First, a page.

The king of diamonds would, of course, be my 2nd choice and, as you mentioned, the winning choice, but I, like a huge percentage of players, both average up to the very top level would, IMO, opt for the club lead.

Thanks for bringing up a subject, where angels may fear to tread, but, by so doing, may provoke differences of opinion, which is, after all, the way to keep getting better.

bobbywolffNovember 28th, 2012 at 4:23 am

Hi Jane,

On this hand, South rebid her hearts before North had a chance to double, or for that matter, do anything else.

As to the high level action, the case, and thus the director call, would hinge on a single event, which could be claimed by the opponents to constitute unauthorized information (UI) since, if off two key cards the big hand (2 club opener) would not waste time studying before signing off in spades, (since 5 clubs would be insufficient and since there was a brief study, it could be considered UI that the strong hand was not missing two key cards and was only thinking about whether or not to bid 6 or not, based on other factors.

Some might say “Much ado about nothing” but others may say that choice is left up to the strong hand and once decided, her partner does not have the right to overrule her, because of the claim of UI.

Administrative bridge rulings sometimes are involved with icky facts but like other games, should be decided by demanding a level playing field, which should never allow a hesitation before bidding something be thought to now influence partner’s possible marginal actiion.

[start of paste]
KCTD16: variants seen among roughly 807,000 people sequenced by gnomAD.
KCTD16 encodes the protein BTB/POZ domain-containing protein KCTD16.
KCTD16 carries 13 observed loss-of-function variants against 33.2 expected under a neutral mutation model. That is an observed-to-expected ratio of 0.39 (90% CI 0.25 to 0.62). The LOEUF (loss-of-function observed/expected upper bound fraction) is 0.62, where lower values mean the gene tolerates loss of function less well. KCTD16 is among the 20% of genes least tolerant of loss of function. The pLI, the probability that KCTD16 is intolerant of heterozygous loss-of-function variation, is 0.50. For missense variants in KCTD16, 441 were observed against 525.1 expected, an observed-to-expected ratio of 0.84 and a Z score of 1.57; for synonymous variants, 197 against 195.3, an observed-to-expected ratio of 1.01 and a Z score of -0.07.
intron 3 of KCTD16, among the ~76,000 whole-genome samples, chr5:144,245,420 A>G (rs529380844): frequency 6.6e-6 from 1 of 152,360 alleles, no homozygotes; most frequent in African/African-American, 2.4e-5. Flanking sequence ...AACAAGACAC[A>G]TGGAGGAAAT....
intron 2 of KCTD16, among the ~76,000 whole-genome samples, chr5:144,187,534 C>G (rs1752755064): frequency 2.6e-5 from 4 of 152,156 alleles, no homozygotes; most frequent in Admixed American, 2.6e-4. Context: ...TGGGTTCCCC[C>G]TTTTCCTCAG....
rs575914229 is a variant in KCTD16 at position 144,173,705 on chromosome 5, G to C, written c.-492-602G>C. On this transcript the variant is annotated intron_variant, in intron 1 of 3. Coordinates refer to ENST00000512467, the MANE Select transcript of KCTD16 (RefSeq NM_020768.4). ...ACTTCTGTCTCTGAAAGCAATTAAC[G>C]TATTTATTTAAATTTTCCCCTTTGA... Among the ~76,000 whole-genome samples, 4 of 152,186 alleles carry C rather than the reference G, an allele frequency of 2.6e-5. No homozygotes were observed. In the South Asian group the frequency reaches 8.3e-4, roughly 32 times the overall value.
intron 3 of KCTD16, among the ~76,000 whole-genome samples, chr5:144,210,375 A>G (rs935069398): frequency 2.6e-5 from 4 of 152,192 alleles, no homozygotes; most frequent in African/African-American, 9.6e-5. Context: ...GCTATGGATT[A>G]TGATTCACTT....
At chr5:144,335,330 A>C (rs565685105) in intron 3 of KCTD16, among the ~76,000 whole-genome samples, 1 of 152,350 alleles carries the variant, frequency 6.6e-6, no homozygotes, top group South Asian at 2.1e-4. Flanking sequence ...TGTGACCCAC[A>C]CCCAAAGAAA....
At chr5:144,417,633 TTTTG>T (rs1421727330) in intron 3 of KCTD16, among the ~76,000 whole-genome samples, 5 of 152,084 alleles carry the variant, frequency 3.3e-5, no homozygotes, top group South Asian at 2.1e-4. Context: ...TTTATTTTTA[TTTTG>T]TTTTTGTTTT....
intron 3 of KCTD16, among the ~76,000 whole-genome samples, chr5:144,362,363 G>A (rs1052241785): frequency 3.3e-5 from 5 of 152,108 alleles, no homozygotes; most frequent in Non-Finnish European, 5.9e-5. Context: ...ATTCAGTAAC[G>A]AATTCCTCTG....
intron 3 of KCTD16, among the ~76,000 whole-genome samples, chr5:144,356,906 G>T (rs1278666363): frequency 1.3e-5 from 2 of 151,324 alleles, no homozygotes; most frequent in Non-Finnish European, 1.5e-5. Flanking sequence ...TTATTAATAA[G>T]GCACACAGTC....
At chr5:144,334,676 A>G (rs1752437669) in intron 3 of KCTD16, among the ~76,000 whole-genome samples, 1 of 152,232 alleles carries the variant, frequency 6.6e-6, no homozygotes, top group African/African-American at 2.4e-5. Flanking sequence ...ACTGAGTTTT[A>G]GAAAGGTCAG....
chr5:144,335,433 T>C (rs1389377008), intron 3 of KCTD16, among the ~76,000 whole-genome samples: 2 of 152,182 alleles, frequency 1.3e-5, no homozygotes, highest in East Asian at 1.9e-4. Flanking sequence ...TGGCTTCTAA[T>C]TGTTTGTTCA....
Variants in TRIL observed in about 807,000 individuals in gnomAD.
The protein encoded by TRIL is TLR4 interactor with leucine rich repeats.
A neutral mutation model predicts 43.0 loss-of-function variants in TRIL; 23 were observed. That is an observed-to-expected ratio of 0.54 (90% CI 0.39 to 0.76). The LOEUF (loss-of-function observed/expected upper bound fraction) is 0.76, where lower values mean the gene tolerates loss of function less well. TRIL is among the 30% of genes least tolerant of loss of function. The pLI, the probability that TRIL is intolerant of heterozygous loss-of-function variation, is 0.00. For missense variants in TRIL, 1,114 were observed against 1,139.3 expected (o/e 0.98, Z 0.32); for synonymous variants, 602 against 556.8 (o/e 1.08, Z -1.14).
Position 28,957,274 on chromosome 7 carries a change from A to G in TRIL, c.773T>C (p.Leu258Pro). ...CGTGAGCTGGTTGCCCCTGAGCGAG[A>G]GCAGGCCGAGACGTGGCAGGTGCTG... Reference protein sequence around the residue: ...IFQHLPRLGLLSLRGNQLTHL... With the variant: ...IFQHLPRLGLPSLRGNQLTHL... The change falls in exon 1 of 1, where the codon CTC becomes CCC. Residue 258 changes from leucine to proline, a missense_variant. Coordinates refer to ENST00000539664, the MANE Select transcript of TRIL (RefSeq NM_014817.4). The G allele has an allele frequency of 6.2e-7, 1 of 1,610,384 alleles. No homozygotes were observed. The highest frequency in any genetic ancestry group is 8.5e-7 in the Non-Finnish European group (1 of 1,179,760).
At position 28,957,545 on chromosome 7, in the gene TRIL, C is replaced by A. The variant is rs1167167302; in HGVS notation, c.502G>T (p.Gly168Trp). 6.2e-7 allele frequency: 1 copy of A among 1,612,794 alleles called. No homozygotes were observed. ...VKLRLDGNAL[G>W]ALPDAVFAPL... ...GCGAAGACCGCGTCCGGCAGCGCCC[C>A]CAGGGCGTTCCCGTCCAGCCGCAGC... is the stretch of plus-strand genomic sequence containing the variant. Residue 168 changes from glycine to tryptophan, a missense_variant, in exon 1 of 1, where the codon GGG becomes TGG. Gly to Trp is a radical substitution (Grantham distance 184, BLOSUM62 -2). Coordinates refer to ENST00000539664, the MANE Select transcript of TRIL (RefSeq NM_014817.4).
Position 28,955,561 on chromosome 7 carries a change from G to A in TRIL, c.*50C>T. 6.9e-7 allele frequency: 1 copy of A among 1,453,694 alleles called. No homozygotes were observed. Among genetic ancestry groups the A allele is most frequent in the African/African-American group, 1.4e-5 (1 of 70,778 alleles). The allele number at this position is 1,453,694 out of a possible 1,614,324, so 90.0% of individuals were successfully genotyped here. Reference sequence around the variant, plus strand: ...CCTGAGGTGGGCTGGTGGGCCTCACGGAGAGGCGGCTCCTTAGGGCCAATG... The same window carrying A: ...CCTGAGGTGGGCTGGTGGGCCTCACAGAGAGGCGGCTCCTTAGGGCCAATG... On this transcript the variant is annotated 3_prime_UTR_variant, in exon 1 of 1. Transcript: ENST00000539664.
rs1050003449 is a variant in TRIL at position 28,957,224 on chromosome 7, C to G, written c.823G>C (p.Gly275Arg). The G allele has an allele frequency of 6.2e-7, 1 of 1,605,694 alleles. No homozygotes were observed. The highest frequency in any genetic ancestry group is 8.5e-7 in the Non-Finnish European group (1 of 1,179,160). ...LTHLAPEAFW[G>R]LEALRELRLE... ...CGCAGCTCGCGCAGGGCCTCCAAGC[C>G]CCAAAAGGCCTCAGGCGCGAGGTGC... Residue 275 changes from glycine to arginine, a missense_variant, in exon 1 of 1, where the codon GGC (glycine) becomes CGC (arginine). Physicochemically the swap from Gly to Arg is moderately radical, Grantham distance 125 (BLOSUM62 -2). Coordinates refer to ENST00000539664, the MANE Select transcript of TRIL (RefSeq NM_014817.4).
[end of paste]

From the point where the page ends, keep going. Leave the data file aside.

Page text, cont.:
bobbywolffNovember 28th, 2012 at 4:38 am

Hi Jeff S,

Without repeating what I said to Jane, it becomes imperative for a Blackwood (BW) bidder to bid in tempo if he or she decides to sign off after hearing the answer to her ace ask. When she doesn’t and a break occurs (BIT), partner then is barred from using his or her judgment simply because of the possibility of UI. Such a thing is sometimes called sarcastically “Hesitation Blackwood” and is a reminder of this rule which is followed universally the world over.

BTW, a BW bidder should never sign off at the 5 level, after hearing that their partnership is missing one, or, of course, fewer aces. BW is never used to get to a slam but only used to keep from getting there off two key cards, therefore it should only be used to always bid a slam (with a possible grand also possible) unless the partnership may be off two immediately cashable aces (or in key card BW), an ace and the king of trumps.

The above lesson is one worth knowing and is basically inviolate when it occurs. There is absolutely no doubt in my mind that in this case cited there was absolutely no intention of violating any rule, bridge playing or morality, but nevertheless what is stated here is strictly a bridge law ruled the same in all corners of the planet.